Dyssynchrony and the risk of ventricular arrhythmias

Valentina Kutyifa, Anne-Catherine Pouleur, Dorit Knappe, Amin Al-Ahmad, Michal Gibinski, Paul J Wang, Scott McNitt, Bela Merkely, Ilan Goldenberg, Scott D Solomon, Arthur J Moss, Wojciech Zareba
JACC. Cardiovascular Imaging 2013, 6 (4): 432-44

OBJECTIVES: The aim of our study was to evaluate the relationship between left ventricular (LV) dyssynchrony and the risk of ventricular tachycardia (VT) or ventricular fibrillation (VF) in patients enrolled in the MADIT-CRT (Multicenter Automatic Defibrillator Implantation Trial-Cardiac Resynchronization Therapy) trial.

BACKGROUND: Intraventricular mechanical dyssynchrony might be an important factor in ventricular arrhythmogenesis by enhancing electrical heterogeneity in heart failure patients. The effects of dyssynchrony have not yet been evaluated in a large cohort of implantable cardioverter-defibrillator (ICD) and cardiac resynchronization therapy with defibrillator (CRT-D) patients.

METHODS: LV dyssynchrony was measured at baseline and at 12-months by speckle-tracking echocardiography, defined as the standard deviation of time to peak systolic strain in 12 LV myocardial segments. The endpoint was the first VT/VF/death or VT/VF. LV dyssynchrony was evaluated in 764 left bundle branch block (LBBB) patients and in 312 non-LBBB patients.

RESULTS: Baseline LV dyssynchrony was not predictive of VT/VF/death or VT/VF in LBBB or non-LBBB patients in either treatment arm. In CRT-D patients with LBBB, improvement in LV dyssynchrony over a year was associated with significantly lower incidence of VT/VF/death (p < 0.001) and VT/VF (p < 0.001) compared to ICD patients and to CRT-D patients with unchanged or worsening dyssynchrony. Among LBBB patients, 15% decrease in LV dyssynchrony was associated with lower risk of VT/VF/death (hazard ratio: 0.49, 95% confidence interval: 0.24 to 0.99, p = 0.049) and VT/VF (hazard ratio: 0.30, 95% confidence interval: 0.12 to 0.77, p = 0.009) as compared to ICD patients. Patients without LBBB receiving CRT-D did not show reduction in VT/VF/death or in VT/VF in relation to improving dyssynchrony when evaluating cumulative event rates or risk of events.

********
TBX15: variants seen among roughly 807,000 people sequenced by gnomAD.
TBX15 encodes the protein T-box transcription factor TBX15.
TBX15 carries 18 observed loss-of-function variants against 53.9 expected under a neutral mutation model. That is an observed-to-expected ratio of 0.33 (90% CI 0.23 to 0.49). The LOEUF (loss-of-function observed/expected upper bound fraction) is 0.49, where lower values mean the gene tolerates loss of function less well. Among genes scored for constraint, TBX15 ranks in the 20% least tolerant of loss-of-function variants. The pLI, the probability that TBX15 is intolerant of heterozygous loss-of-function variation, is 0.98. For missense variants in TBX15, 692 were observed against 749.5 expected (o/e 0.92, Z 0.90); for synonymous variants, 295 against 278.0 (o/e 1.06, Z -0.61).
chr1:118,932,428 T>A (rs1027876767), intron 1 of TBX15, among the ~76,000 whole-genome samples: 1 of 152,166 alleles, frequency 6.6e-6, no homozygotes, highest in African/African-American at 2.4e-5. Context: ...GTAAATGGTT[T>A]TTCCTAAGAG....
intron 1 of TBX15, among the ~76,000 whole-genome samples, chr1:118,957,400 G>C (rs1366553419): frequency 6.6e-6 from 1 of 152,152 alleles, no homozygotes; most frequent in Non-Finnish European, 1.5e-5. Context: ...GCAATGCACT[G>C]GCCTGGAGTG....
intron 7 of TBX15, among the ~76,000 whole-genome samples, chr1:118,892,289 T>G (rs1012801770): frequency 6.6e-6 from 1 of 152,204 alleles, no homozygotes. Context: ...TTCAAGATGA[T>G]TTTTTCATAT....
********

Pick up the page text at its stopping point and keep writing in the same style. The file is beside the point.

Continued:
CONCLUSIONS: Baseline LV dyssynchrony did not predict VT/VF/death or VT/VF in mild heart failure patients with or without LBBB. CRT-induced improvement of LV dyssynchrony was associated with significant reduction of ventricular arrhythmias in patients with LBBB.

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